Sunday, April 25, 2010

El Palmar

In the hills of the Estado de Mexico.

Malinalco 2010 V

Malinalco 2010 IV

Malinalco 2010 III

Malinalco 2010 II

Malinalco 2010 I

Mexico 2010

A guard tower at the Palacio de Lecumberri; once Mexico City's most important prison, it now houses the National Archive.

Friday, January 22, 2010

Underwater II


We were mostly traveling on a budget, but went on one boat tour and it was well worth it. We took a disposable underwater camera. As always, such pictures don't turn out too well, but you can get some idea of how great the snorkeling was. This is from Captain Cook's bay, where Cook was killed. It's difficult to get a sense of the depth, but the reef structure just disappeared into the murk...maybe 50 feet down? Maybe more?

We then traveled south a bit to Honaunau, where the water was even clearer.

There were spinner dolphins in Honaunau, resting and playing in the bay (they're technically nocturnal animals). I spent several minutes swimming in the deep water, looking around for fins where I could see them and swimming in their direction. Eventually I was surrounded by groups of dolphins, who must be pretty used to snorkelers in this area and didn't seem to care about my presence one way or the other.

Thursday, January 21, 2010

Pololu Valley

If I could go back to the Big Island, I would love to spend a week hiking around the backcountry of Pololu Valley on the northern coast. It's a remarkable intersection of forest, wetlands, seacliffs, and beach. I'm told that the opening scenes of Jurassic Park were filmed here. It also produces really smooth stones - great for skipping and building cairns. They look hard to build--but we had a little contest and in five minutes we were able to build piles of 15 or 16 stones without trouble. Someone else did this one, though.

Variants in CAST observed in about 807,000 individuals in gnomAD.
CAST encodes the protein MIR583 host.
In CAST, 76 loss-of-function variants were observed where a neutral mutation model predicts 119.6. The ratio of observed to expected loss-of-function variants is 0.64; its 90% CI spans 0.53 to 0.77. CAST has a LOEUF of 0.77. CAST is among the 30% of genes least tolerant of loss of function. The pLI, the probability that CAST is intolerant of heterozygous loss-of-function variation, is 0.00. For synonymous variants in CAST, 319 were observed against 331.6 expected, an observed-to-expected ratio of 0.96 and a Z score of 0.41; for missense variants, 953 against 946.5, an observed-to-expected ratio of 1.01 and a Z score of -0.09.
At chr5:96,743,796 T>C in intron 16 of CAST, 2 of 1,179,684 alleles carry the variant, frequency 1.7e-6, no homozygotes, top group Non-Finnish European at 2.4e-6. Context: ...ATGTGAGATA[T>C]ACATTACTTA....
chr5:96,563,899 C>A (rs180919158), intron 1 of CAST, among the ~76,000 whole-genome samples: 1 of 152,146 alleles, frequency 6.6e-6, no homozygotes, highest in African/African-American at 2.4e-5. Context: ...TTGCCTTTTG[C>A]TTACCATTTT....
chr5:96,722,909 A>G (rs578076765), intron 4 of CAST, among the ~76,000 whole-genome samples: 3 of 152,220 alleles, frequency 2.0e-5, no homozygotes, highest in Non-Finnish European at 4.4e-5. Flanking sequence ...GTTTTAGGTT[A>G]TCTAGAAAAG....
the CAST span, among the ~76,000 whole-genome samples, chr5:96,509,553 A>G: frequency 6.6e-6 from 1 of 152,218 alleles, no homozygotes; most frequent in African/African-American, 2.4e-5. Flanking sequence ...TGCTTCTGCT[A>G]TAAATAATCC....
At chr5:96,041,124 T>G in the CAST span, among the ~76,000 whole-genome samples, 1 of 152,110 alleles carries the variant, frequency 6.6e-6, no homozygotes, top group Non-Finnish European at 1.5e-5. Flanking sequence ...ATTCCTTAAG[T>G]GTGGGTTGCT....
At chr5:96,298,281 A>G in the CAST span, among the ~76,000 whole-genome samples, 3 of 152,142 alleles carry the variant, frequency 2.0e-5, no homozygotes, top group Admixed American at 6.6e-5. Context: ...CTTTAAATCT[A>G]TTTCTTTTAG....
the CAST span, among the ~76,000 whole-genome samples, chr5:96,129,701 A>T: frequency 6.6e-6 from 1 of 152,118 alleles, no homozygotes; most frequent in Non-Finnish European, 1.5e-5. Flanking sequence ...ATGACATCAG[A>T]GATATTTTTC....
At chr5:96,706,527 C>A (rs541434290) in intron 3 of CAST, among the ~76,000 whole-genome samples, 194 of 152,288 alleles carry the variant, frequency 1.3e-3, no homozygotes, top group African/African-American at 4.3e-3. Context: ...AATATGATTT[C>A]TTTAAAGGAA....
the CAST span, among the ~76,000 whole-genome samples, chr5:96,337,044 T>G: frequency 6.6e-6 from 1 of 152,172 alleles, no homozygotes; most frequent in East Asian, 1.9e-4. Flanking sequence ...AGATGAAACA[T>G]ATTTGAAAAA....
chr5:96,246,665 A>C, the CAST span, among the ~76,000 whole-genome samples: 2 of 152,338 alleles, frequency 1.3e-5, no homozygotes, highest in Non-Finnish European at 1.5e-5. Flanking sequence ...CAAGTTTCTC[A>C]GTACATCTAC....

Photos by Nicole.

Punalu'u Black Sand Beach

On the way back from Volcanoes, we stopped at a black sand beach. In a large tidepool there, we found two sea turtles resting and eating algae. By law, you are supposed to give them space, but camera zoom can create the illusion of intimacy. This one breathed at me.

Volcanoes National Park II

Another part of the park was pure rainforest. And, indeed, it was raining while we were there and not very photogenic at a distance.

Volcanoes National Park

On day three, we drove to the other side of the island to Volcanoes National Park. There was no lava flow while we were there, but the general trend is for the island to be growing. (There's one underwater volcano which will eventually emerge and join with the Big Island.)

In one section of the park near to the coast, there are petroglyphs preserved in the lava rock.


Recently, I had the opportunity to train a laser death ray on my last remaining proletarian credentials and take a vacation in Hawai'i. And it was a lot of fun! Thanks to everyone who made it possible and entertaining. As per my usual blog policies, to respect the privacy of others I don't post names or pictures of people except to give photo credits.

We were staying on the "Big Island" of Hawai'i. It has an enormous number of microclimates. Guidebook-level information would have it that there are 13 biomes on the planet, and that eleven of them occur of the Big Island alone (all save the Saharan and Antarctic climates). Parts of the island look like the Amazon, parts like Sonoma, parts like Ireland. The center-west region is dominated by lava flows and scrub. You see mountain goats along the road. The beaches, where they occur, are great, but it mostly looks like part of Nevada or New Mexico. The Ironman Triathlon takes place in this part of the Big Island.

A bit to the south, there's a coffee-producing region. We stopped for a tour of a small coffee plantation, and Nicole took this picture of a gecko on a banana tree.